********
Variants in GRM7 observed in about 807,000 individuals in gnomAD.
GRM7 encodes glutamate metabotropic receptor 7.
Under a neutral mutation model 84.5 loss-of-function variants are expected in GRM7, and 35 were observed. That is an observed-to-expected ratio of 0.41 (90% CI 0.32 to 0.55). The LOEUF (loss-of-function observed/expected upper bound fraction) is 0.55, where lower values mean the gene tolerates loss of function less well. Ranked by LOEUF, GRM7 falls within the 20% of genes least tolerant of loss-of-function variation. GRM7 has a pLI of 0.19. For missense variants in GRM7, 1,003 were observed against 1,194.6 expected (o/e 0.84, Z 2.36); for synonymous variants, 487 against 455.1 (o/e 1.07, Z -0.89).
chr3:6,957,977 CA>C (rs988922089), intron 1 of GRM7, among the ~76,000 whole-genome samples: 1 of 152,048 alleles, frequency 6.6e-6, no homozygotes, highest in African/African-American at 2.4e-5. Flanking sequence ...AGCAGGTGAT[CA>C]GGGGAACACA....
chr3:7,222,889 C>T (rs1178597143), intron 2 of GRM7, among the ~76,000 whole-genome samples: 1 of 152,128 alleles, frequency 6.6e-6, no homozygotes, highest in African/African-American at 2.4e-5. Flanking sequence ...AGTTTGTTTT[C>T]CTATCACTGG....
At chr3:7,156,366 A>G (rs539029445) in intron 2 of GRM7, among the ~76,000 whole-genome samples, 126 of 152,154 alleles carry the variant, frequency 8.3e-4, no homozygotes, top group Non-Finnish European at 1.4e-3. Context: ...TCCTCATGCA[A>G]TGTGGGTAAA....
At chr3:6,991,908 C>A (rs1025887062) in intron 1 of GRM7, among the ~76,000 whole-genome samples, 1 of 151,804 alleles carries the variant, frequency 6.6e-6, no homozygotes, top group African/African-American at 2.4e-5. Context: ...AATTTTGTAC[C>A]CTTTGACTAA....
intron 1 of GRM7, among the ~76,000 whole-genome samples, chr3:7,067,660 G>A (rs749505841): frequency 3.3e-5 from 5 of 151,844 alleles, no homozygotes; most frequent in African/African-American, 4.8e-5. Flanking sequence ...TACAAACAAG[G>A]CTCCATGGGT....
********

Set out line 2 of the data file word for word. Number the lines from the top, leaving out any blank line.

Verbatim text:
GRM7 encodes glutamate metabotropic receptor 7.